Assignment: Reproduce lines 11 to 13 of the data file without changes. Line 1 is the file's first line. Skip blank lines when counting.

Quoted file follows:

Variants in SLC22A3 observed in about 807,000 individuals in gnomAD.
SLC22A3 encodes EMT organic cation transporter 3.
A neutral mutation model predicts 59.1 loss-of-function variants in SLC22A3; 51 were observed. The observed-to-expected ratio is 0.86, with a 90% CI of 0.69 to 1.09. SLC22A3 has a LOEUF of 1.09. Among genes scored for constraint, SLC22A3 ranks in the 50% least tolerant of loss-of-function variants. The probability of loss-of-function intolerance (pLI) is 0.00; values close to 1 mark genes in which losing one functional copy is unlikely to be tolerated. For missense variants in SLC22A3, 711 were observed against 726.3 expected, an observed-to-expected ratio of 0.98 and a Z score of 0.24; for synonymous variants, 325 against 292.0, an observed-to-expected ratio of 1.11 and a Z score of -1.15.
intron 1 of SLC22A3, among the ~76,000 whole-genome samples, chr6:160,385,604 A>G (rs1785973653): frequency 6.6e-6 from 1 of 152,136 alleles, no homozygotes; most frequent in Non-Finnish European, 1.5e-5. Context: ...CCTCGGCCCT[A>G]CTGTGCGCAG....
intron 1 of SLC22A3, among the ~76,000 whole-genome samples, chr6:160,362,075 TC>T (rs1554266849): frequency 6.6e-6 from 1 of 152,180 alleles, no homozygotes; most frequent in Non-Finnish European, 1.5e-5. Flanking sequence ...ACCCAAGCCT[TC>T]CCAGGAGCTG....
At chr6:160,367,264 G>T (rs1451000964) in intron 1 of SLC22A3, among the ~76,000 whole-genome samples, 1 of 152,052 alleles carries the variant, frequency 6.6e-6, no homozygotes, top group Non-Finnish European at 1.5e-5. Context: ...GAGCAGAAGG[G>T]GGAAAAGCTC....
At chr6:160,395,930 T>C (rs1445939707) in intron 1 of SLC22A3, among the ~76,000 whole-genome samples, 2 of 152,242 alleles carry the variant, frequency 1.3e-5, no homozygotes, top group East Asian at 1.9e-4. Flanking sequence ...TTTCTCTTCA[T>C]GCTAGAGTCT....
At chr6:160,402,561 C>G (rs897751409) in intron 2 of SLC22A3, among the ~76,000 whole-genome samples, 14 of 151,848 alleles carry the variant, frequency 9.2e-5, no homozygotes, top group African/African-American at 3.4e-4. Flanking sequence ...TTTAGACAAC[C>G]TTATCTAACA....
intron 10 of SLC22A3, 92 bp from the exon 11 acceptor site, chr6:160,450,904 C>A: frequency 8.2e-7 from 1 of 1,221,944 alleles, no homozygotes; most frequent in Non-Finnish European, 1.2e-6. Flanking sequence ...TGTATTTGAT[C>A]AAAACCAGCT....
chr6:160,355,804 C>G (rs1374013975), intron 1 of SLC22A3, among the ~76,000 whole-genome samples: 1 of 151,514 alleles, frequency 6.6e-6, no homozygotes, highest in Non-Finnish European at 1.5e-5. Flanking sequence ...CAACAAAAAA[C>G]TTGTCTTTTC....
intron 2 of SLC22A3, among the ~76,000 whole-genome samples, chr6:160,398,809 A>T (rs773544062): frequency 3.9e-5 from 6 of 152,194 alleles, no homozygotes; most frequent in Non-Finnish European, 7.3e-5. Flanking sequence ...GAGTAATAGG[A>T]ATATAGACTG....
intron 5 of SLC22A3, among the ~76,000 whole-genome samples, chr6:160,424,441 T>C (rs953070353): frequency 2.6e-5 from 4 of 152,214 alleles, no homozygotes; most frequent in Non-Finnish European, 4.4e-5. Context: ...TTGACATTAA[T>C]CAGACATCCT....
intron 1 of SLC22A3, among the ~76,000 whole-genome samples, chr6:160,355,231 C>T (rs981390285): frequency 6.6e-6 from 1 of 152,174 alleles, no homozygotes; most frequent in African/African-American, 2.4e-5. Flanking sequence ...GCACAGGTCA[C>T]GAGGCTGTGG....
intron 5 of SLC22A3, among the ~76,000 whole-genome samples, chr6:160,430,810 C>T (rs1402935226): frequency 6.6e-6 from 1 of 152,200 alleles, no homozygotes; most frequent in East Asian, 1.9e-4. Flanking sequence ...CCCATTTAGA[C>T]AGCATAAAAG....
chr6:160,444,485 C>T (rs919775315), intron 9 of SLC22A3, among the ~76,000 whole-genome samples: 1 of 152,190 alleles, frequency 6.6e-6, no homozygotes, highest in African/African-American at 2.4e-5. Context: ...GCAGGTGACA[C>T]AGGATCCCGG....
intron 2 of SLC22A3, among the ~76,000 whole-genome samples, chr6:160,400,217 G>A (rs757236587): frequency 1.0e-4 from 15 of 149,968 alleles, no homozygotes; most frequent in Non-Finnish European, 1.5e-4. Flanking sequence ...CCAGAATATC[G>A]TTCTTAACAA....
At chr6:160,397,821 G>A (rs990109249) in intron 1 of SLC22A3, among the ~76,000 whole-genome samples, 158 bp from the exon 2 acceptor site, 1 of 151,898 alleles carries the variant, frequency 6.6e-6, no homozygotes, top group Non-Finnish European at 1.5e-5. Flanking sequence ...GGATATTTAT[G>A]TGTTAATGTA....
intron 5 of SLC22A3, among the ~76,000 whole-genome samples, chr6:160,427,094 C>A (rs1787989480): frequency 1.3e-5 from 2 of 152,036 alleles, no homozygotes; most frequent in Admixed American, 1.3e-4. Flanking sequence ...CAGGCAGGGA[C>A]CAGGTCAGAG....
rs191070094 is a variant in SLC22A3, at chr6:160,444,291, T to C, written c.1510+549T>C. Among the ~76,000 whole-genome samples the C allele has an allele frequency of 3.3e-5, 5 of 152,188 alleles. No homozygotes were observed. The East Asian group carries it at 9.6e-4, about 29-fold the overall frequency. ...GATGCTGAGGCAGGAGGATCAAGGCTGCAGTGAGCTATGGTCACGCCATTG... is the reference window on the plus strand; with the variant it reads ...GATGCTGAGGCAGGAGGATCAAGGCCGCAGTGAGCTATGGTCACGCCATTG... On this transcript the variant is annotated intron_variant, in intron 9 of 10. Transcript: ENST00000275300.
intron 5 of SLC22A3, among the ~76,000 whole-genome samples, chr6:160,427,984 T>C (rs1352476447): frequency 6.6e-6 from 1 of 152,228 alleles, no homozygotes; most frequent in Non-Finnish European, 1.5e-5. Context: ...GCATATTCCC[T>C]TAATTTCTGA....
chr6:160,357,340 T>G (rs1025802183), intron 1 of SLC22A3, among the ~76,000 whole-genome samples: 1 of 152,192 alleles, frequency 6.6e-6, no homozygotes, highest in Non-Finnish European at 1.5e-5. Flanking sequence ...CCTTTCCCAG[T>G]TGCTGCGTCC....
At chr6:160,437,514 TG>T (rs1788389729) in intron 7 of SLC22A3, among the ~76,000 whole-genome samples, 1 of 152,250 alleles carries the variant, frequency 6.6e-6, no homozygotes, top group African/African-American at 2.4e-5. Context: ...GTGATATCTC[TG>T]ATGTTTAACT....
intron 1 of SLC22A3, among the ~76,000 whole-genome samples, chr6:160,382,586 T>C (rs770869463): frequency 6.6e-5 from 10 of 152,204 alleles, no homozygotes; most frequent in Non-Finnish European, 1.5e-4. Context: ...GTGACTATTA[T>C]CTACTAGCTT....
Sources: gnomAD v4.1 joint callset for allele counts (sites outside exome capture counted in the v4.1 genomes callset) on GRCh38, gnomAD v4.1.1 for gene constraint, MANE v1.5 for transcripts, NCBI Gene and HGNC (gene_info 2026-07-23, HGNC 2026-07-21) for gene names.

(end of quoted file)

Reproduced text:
intron 2 of SLC22A3, among the ~76,000 whole-genome samples, chr6:160,398,809 A>T (rs773544062): frequency 3.9e-5 from 6 of 152,194 alleles, no homozygotes; most frequent in Non-Finnish European, 7.3e-5. Flanking sequence ...GAGTAATAGG[A>T]ATATAGACTG....
intron 5 of SLC22A3, among the ~76,000 whole-genome samples, chr6:160,424,441 T>C (rs953070353): frequency 2.6e-5 from 4 of 152,214 alleles, no homozygotes; most frequent in Non-Finnish European, 4.4e-5. Context: ...TTGACATTAA[T>C]CAGACATCCT....
intron 1 of SLC22A3, among the ~76,000 whole-genome samples, chr6:160,355,231 C>T (rs981390285): frequency 6.6e-6 from 1 of 152,174 alleles, no homozygotes; most frequent in African/African-American, 2.4e-5. Flanking sequence ...GCACAGGTCA[C>T]GAGGCTGTGG....